Valuing Each Other Through DEI

June 25, 2024
By Suzanne Weston

From a diversity, equity and inclusion (DEI) perspective, the environment is reminiscent of the dissonance of the 1960s, when people filled streets to advocate for civil rights and express discontent with exclusionary practices.

This activism was one of the centerpieces of the civil rights movement, heightening calls for inclusivity to remove bias and discrimination from the workplace.

Prompted by the race riots in Detroit in 1967, General Motors established the first supplier diversity program. This was followed by the 1969 executive order issued by President Richard Nixon encouraging the federal government to “contribute to the establishment, preservation and strengthening of minority business enterprise.” The intent was to promote the growth of minority owned businesses “through the mobilization and advancement of public and private sector programs, policy, and research.”

These programs focused on job creation, as the first step for the economic advancement of marginalized communities and underrepresented groups. They highlighted imbalance and inequality and led to the development of inclusive business practices. By focusing on specific groups, DEI was designed to close gaps by eliminating systemic bias. This was thought to be the first step for creating a DEI culture.

We Can’t Exist in a Vacuum

Creating a culture of inclusion takes intentionality and effort. It requires that people keep an open mind and create a respectful environment where all views and voices are valued. Inclusion exists on different levels — community, corporate and social. While they intersect, they are all different. Simply bringing diverse people together does not create a harmonious group.

People tend to be more comfortable surrounded by people who look like them. For those raised in an insular environment, who grew up without contact and heard myths or negative stereotypes, there can be a reluctance to interact with folks who are different. Initial impressions can be changed over time through interactions, conversations that occur naturally when they connect on a personal level and discover common interests. The happens slowly, changing a relationship from strangers to acquaintances, a shift that erases differences.

For companies to create a culture of inclusion and belonging, they need to do more than assemble a diverse workforce. Organizations build inclusion by changing behaviors, eliminating unconscious bias through awareness, and creating opportunities for positive interactions. Belonging requires each participant to respectfully appreciate different perspectives, these interactions can help the company generating innovation, reducing risk and improving processes because of the group’s broader perspective.

Workplace interactions are important for building a culture that encourages sharing different views and opinions. Companies that successfully build inclusive workplaces can attract and retain the best and brightest diverse pool of candidates. DEI policies and practices remove bias from the hiring and interviewing processes, and create a culture where employees feel comfortable. Similarly, supplier diversity programs provide fair competition that encourages small and minority-, women- and veteran-owned companies to compete for contract opportunities.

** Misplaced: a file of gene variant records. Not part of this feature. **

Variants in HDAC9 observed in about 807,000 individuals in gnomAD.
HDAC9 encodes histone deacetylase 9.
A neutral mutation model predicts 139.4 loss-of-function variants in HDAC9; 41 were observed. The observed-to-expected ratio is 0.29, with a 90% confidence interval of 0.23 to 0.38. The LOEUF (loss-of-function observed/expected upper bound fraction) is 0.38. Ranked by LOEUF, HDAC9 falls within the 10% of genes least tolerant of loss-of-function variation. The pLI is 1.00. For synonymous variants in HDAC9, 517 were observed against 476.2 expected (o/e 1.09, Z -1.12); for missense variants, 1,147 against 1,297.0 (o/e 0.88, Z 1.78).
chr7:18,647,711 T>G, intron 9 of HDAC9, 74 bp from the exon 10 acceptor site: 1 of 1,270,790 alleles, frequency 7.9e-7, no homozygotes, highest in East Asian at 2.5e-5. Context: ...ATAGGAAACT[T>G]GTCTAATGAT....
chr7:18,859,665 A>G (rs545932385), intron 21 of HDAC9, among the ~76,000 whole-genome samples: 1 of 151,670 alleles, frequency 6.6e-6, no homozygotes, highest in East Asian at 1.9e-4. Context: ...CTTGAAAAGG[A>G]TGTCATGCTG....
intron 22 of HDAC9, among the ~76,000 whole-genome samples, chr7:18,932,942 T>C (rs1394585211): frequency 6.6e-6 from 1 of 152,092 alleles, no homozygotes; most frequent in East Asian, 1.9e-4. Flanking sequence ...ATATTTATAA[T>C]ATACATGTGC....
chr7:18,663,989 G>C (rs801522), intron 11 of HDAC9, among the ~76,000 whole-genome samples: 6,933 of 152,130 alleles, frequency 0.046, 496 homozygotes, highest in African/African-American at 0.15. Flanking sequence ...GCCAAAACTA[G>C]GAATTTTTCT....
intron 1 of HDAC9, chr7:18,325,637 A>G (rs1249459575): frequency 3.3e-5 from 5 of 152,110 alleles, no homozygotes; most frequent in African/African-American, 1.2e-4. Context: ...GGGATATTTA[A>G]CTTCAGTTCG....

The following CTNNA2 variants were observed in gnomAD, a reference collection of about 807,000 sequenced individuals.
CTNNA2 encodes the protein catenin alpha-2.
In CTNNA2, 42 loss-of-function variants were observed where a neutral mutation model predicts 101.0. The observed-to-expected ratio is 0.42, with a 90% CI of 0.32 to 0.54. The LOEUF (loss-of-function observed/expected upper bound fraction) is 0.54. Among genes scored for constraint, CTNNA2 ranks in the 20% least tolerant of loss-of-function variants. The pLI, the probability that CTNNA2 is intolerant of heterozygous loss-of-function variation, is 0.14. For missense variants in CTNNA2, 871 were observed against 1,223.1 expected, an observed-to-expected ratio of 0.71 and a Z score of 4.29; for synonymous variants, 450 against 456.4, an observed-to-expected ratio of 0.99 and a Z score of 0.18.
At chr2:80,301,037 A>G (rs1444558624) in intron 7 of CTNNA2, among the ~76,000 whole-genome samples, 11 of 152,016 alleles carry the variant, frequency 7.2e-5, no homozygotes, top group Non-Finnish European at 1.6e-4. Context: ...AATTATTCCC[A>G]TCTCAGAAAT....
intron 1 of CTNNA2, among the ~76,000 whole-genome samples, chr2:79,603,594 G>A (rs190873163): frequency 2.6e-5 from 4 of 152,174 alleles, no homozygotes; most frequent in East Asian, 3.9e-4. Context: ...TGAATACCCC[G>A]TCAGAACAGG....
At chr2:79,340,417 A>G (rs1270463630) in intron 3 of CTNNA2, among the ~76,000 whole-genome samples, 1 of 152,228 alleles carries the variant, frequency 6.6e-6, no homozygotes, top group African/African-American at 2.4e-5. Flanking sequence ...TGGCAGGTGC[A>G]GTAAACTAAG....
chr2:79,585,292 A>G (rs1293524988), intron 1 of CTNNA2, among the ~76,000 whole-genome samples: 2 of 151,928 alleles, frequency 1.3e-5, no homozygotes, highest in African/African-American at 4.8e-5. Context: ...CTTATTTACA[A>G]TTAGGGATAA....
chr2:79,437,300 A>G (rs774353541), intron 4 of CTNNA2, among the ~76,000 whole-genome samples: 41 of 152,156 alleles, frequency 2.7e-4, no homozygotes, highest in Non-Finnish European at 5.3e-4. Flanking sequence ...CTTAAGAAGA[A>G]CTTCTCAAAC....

The Value of Diversity

DEI programs create environments that bring people with different backgrounds together. Diverse groups have been found to be more comfortable questioning assumptions. As a result, their group thinking tends to focus on facts, which makes decision-making more objective.

Diversity removes the awkwardness of being different and the fear of standing out by going against the group. It has been shown that in business, diverse groups generate different approaches, make better decisions, reduce risk and increase revenue.

Business benefit from having inclusive, diverse work groups. Creating them requires changing cultural norms and promoting open, honest and non-judgmental sharing of ideas. Participants need to keep their internal bias in check. This allows them to view all people as equals, able to offer valid but varied viewpoints, and objectively discuss the facts.

Creating Inclusion

DEI creates a sense of belonging and a community where colleagues can be themselves, an environment that values differences as the route toward progress. Supplier diversity programs introduce smaller, diverse firms that can different perspectives on processes that can drive efficiencies, while workplace diversity creates connections, which result in different approaches.

A diverse supplier base and workforce can drive the economic growth of these communities. At the same time, introducing different perspectives improves bottom line performance, customer service and employee retention for the company.

We have a long way to go to reach equity. Progress has been slow but steady.

Creating inclusion requires reprograming how we treat others, continually surrounding ourselves by people different from ourselves. It means valuing each other, showing unconditional respect, and understanding differences while connecting because of similarities. This change in perspective allows for different views, experiences and ideas, where individuality is valued.

(Photo credit: Getty Images/Pranithan Chorruangsak)

About the Author

Suzanne Weston

About the Author

Suzanne Weston is a former partner, program strategies at IW Consulting Group, specializing in supplier diversity program creation, innovation and management. She is passionate about building impactful second-tier programs.